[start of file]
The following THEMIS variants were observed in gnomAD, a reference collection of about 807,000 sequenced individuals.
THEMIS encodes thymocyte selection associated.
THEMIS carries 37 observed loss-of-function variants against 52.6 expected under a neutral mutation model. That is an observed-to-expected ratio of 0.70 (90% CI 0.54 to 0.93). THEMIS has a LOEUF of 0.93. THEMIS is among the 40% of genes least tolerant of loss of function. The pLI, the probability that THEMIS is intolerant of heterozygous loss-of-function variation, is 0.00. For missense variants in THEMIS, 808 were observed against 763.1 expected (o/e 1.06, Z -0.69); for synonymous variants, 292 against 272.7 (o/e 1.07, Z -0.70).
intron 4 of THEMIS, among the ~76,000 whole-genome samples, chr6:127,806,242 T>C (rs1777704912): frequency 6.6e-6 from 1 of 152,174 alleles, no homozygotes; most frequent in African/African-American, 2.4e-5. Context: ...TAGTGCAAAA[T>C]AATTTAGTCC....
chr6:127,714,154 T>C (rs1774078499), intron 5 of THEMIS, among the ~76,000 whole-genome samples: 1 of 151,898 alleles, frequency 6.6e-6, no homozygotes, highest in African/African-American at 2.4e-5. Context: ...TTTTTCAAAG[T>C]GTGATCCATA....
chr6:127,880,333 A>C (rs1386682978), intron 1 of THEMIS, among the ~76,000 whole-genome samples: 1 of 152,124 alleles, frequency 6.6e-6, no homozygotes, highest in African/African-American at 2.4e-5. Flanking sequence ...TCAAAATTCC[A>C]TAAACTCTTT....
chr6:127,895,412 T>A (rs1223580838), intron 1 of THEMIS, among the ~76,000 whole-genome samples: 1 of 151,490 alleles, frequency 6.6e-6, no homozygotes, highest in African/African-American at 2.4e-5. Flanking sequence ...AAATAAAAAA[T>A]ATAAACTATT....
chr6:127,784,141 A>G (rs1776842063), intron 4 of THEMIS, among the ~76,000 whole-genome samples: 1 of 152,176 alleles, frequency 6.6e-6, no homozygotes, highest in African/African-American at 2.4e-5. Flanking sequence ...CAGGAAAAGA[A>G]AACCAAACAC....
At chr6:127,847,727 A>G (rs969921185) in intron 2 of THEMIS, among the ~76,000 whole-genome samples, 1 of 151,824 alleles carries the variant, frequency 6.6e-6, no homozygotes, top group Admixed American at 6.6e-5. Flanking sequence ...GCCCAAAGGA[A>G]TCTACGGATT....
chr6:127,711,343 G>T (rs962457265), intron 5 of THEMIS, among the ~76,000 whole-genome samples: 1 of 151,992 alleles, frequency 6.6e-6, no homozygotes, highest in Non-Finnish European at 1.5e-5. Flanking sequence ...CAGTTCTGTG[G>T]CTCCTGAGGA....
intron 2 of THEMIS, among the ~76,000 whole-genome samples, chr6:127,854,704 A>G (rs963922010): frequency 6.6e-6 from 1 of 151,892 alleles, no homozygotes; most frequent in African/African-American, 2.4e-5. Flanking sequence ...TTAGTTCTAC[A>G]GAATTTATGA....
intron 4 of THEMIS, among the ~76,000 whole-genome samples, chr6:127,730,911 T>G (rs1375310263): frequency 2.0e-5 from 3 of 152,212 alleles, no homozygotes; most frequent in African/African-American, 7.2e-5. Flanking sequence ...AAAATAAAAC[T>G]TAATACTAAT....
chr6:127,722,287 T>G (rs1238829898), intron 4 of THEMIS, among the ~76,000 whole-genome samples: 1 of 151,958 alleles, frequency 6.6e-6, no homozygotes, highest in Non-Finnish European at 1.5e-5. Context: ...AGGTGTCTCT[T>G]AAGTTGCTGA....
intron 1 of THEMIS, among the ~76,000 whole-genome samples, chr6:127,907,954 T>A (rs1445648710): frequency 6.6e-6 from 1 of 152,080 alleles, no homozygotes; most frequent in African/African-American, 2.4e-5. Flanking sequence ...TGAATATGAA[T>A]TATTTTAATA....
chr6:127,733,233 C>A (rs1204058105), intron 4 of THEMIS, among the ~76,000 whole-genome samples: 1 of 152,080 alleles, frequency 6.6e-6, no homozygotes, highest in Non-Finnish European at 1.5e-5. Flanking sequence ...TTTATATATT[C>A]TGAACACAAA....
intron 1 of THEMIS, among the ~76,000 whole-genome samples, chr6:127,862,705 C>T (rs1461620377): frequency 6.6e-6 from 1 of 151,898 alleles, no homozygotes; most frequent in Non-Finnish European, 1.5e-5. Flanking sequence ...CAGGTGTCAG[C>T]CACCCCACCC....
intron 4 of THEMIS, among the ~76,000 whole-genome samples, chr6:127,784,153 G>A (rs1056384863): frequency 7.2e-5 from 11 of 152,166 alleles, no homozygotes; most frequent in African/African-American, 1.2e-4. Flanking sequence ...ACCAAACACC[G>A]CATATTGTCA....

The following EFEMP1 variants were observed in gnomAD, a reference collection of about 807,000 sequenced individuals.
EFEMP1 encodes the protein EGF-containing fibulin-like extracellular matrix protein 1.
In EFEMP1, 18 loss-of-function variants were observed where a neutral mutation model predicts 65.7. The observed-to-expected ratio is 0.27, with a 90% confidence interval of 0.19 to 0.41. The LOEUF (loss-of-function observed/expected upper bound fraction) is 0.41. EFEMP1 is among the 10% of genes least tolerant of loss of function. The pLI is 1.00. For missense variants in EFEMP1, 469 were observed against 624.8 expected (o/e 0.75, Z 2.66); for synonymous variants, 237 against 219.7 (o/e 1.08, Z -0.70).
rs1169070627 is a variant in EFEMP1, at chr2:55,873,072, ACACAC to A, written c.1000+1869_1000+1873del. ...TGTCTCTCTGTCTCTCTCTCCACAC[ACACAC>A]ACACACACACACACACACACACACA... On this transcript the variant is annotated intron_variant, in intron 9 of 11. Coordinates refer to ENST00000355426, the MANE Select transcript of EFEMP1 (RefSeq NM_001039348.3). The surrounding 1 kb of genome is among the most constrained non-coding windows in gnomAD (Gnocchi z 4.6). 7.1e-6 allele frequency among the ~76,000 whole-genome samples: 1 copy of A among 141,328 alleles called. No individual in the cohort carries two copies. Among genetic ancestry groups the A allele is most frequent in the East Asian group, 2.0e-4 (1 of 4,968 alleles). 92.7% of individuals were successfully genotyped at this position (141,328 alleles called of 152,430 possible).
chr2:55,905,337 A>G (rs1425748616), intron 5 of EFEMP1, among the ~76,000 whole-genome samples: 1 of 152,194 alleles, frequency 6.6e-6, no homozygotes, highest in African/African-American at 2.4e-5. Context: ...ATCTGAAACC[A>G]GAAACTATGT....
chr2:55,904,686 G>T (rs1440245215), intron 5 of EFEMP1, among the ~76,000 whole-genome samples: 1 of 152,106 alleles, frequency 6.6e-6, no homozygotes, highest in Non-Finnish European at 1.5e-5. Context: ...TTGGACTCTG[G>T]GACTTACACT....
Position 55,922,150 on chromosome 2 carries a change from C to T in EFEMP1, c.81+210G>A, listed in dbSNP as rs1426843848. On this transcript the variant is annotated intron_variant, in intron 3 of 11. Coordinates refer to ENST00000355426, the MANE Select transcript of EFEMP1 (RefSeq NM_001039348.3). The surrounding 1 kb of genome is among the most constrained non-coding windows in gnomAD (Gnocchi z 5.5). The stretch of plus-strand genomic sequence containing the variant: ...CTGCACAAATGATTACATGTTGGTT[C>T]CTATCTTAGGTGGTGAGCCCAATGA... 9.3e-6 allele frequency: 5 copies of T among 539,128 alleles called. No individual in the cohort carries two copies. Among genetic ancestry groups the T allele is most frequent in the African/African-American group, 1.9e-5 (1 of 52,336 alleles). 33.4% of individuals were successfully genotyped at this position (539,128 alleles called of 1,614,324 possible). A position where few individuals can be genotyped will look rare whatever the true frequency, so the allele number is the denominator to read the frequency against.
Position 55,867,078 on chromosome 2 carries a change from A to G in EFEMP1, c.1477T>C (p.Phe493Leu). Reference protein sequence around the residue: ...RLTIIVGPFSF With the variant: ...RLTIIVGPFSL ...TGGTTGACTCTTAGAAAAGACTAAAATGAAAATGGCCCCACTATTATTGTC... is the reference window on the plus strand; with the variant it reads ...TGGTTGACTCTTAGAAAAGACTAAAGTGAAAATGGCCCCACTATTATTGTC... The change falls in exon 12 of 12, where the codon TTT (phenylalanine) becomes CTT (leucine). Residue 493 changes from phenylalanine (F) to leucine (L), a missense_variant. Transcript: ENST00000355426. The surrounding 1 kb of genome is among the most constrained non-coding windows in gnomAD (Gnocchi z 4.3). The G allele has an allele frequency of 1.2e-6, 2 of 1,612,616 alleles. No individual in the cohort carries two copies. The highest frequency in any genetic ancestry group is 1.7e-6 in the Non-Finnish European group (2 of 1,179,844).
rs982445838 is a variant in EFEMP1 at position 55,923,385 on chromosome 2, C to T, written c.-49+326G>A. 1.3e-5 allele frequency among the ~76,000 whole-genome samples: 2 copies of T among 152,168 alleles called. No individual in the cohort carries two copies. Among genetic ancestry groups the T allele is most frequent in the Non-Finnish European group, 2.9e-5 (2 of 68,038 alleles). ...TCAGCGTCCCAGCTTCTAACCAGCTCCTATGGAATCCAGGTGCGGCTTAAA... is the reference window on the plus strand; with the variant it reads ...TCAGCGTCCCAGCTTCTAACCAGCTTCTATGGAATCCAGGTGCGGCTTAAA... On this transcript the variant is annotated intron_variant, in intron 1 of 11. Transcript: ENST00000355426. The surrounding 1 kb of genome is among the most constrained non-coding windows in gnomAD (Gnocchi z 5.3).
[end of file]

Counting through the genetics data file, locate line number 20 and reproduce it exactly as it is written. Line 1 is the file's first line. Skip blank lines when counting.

In EFEMP1, 18 loss-of-function variants were observed where a neutral mutation model predicts 65.7. The observed-to-expected ratio is 0.27, with a 90% confidence interval of 0.19 to 0.41. The LOEUF (loss-of-function observed/expected upper bound fraction) is 0.41. EFEMP1 is among the 10% of genes least tolerant of loss of function. The pLI is 1.00. For missense variants in EFEMP1, 469 were observed against 624.8 expected (o/e 0.75, Z 2.66); for synonymous variants, 237 against 219.7 (o/e 1.08, Z -0.70).